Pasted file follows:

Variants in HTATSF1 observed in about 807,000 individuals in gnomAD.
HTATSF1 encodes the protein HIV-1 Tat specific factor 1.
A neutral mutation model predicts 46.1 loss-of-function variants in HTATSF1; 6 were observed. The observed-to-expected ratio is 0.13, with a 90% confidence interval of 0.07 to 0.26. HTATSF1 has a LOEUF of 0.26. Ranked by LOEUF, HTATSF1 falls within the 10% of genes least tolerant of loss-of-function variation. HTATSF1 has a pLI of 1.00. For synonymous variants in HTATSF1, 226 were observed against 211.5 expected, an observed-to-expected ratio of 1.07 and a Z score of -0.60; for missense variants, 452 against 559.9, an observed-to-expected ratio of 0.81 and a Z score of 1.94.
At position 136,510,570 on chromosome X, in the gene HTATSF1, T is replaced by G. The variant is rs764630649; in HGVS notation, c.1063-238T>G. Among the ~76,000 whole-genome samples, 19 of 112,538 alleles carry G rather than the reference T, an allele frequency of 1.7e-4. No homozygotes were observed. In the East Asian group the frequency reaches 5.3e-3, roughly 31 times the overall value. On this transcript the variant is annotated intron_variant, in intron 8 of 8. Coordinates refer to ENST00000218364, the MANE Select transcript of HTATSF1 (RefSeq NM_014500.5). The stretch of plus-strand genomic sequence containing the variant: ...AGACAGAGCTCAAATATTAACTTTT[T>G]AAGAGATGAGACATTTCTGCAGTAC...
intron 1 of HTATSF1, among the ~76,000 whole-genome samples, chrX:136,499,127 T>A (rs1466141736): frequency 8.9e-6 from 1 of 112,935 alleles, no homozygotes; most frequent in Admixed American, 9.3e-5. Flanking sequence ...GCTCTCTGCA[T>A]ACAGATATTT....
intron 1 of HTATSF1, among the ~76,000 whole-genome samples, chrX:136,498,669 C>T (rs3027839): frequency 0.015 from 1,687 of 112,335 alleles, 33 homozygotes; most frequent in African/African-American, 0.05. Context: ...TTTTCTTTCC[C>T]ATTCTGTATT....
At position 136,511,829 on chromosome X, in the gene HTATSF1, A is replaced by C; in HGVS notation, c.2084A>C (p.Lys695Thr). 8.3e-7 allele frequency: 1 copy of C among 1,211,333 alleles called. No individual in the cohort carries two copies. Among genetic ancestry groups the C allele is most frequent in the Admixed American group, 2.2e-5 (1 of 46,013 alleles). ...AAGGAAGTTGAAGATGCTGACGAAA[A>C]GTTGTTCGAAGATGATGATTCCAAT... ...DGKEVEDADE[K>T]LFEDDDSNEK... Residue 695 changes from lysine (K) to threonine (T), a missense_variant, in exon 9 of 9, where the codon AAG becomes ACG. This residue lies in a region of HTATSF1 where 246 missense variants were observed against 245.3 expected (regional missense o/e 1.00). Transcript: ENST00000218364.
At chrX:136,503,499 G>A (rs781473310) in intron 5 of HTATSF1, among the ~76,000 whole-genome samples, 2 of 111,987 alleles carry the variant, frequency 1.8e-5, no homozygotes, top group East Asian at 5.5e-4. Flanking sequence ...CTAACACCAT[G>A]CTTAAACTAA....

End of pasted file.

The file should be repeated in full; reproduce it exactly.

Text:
Variants in HTATSF1 observed in about 807,000 individuals in gnomAD.
HTATSF1 encodes the protein HIV-1 Tat specific factor 1.
A neutral mutation model predicts 46.1 loss-of-function variants in HTATSF1; 6 were observed. The observed-to-expected ratio is 0.13, with a 90% confidence interval of 0.07 to 0.26. HTATSF1 has a LOEUF of 0.26. Ranked by LOEUF, HTATSF1 falls within the 10% of genes least tolerant of loss-of-function variation. HTATSF1 has a pLI of 1.00. For synonymous variants in HTATSF1, 226 were observed against 211.5 expected, an observed-to-expected ratio of 1.07 and a Z score of -0.60; for missense variants, 452 against 559.9, an observed-to-expected ratio of 0.81 and a Z score of 1.94.
At position 136,510,570 on chromosome X, in the gene HTATSF1, T is replaced by G. The variant is rs764630649; in HGVS notation, c.1063-238T>G. Among the ~76,000 whole-genome samples, 19 of 112,538 alleles carry G rather than the reference T, an allele frequency of 1.7e-4. No homozygotes were observed. In the East Asian group the frequency reaches 5.3e-3, roughly 31 times the overall value. On this transcript the variant is annotated intron_variant, in intron 8 of 8. Coordinates refer to ENST00000218364, the MANE Select transcript of HTATSF1 (RefSeq NM_014500.5). The stretch of plus-strand genomic sequence containing the variant: ...AGACAGAGCTCAAATATTAACTTTT[T>G]AAGAGATGAGACATTTCTGCAGTAC...
intron 1 of HTATSF1, among the ~76,000 whole-genome samples, chrX:136,499,127 T>A (rs1466141736): frequency 8.9e-6 from 1 of 112,935 alleles, no homozygotes; most frequent in Admixed American, 9.3e-5. Flanking sequence ...GCTCTCTGCA[T>A]ACAGATATTT....
intron 1 of HTATSF1, among the ~76,000 whole-genome samples, chrX:136,498,669 C>T (rs3027839): frequency 0.015 from 1,687 of 112,335 alleles, 33 homozygotes; most frequent in African/African-American, 0.05. Context: ...TTTTCTTTCC[C>T]ATTCTGTATT....
At position 136,511,829 on chromosome X, in the gene HTATSF1, A is replaced by C; in HGVS notation, c.2084A>C (p.Lys695Thr). 8.3e-7 allele frequency: 1 copy of C among 1,211,333 alleles called. No individual in the cohort carries two copies. Among genetic ancestry groups the C allele is most frequent in the Admixed American group, 2.2e-5 (1 of 46,013 alleles). ...AAGGAAGTTGAAGATGCTGACGAAA[A>C]GTTGTTCGAAGATGATGATTCCAAT... ...DGKEVEDADE[K>T]LFEDDDSNEK... Residue 695 changes from lysine (K) to threonine (T), a missense_variant, in exon 9 of 9, where the codon AAG becomes ACG. This residue lies in a region of HTATSF1 where 246 missense variants were observed against 245.3 expected (regional missense o/e 1.00). Transcript: ENST00000218364.
At chrX:136,503,499 G>A (rs781473310) in intron 5 of HTATSF1, among the ~76,000 whole-genome samples, 2 of 111,987 alleles carry the variant, frequency 1.8e-5, no homozygotes, top group East Asian at 5.5e-4. Flanking sequence ...CTAACACCAT[G>A]CTTAAACTAA....